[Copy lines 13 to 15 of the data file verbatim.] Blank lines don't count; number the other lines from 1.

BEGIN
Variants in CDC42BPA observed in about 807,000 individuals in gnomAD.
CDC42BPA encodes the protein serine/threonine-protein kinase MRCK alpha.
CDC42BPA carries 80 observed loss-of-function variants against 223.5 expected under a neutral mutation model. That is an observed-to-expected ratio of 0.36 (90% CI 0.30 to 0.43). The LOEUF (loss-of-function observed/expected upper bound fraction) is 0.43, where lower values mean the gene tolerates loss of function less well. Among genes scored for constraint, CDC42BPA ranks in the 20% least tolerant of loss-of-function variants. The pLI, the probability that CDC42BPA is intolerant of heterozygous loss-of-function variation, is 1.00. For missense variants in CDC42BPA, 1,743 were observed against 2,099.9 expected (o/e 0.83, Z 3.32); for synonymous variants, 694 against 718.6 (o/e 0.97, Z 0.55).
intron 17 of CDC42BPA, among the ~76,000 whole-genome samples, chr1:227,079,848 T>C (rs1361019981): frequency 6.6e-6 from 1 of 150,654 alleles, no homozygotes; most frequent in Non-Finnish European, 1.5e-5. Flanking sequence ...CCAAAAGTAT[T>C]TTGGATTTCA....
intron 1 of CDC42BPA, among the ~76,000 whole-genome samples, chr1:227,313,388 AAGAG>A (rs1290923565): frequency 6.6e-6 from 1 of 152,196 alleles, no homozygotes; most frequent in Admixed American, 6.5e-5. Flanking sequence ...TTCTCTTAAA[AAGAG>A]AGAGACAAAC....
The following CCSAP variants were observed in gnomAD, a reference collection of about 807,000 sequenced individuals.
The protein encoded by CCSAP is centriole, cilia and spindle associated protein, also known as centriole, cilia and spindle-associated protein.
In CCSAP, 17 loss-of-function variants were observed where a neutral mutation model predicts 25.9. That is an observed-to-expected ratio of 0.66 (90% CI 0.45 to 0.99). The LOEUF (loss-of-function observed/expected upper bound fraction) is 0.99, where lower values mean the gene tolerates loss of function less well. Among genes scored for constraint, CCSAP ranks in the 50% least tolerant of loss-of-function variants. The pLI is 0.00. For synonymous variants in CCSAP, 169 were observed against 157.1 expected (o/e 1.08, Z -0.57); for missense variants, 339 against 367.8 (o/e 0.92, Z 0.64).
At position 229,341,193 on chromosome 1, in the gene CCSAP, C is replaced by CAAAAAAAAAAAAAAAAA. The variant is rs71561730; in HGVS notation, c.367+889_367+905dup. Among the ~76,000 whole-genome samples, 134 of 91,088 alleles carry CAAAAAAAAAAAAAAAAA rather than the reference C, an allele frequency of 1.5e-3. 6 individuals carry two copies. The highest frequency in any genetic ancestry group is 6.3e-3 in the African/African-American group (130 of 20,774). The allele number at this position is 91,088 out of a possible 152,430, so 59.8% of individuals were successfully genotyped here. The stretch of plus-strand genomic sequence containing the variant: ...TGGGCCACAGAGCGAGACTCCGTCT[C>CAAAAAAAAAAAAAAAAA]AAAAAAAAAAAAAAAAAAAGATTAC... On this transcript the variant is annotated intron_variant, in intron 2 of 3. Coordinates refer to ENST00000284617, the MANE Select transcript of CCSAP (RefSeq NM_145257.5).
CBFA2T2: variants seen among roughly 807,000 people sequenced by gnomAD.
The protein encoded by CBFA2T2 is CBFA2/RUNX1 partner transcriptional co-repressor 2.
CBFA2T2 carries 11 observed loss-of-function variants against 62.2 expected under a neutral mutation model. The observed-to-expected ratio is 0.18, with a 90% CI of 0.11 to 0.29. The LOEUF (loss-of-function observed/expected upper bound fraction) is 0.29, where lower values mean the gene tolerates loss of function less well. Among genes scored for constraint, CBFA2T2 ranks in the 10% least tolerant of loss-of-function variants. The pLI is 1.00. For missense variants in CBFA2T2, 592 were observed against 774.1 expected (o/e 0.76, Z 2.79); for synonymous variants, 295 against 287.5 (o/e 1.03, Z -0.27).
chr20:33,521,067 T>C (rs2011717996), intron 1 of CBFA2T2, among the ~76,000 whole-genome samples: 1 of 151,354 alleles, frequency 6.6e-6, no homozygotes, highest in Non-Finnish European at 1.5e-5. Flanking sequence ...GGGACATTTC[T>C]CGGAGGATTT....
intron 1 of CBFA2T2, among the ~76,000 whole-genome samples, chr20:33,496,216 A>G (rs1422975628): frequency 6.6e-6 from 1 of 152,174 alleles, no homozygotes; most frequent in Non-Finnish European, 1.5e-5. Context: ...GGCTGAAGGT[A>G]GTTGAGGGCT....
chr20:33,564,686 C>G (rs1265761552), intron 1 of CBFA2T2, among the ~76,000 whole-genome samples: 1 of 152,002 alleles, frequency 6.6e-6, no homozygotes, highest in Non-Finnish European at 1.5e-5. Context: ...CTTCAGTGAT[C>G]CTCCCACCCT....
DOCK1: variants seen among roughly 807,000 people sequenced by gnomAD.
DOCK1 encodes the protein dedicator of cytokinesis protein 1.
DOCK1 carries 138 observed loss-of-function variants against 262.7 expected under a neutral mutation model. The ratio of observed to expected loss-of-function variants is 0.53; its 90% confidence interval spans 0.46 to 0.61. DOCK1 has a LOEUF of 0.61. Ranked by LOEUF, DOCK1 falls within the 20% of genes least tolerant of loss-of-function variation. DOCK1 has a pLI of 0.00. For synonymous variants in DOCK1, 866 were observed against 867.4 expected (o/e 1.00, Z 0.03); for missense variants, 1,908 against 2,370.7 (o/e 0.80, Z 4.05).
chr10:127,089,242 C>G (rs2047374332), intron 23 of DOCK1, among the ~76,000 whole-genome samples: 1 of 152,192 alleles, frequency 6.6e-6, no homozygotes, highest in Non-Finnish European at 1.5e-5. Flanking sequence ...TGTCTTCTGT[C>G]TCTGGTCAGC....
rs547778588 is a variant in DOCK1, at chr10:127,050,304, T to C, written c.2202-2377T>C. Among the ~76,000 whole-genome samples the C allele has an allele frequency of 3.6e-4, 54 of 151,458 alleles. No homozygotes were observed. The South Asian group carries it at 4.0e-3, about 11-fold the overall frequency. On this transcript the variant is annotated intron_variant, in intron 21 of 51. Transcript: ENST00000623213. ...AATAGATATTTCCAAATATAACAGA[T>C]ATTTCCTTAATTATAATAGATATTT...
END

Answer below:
chr20:33,521,067 T>C (rs2011717996), intron 1 of CBFA2T2, among the ~76,000 whole-genome samples: 1 of 151,354 alleles, frequency 6.6e-6, no homozygotes, highest in Non-Finnish European at 1.5e-5. Flanking sequence ...GGGACATTTC[T>C]CGGAGGATTT....
intron 1 of CBFA2T2, among the ~76,000 whole-genome samples, chr20:33,496,216 A>G (rs1422975628): frequency 6.6e-6 from 1 of 152,174 alleles, no homozygotes; most frequent in Non-Finnish European, 1.5e-5. Context: ...GGCTGAAGGT[A>G]GTTGAGGGCT....
chr20:33,564,686 C>G (rs1265761552), intron 1 of CBFA2T2, among the ~76,000 whole-genome samples: 1 of 152,002 alleles, frequency 6.6e-6, no homozygotes, highest in Non-Finnish European at 1.5e-5. Context: ...CTTCAGTGAT[C>G]CTCCCACCCT....